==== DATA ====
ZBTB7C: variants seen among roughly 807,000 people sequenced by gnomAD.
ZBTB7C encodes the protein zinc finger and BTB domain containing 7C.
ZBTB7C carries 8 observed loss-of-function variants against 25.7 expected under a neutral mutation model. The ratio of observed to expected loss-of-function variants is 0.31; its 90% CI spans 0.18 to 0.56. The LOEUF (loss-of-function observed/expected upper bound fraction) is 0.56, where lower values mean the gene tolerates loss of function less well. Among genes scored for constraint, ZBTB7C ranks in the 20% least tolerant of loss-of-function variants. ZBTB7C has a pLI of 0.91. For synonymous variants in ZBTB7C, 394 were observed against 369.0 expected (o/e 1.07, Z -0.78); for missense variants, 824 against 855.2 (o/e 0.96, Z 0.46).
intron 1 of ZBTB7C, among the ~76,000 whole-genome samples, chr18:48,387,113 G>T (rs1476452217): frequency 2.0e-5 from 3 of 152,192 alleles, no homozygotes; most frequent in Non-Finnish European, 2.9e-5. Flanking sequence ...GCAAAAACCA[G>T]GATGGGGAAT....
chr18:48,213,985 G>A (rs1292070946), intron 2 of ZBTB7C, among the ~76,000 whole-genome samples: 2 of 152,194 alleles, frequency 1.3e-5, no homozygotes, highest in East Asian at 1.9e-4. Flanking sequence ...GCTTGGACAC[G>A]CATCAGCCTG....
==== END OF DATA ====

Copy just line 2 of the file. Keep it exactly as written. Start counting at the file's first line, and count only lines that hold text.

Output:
ZBTB7C encodes the protein zinc finger and BTB domain containing 7C.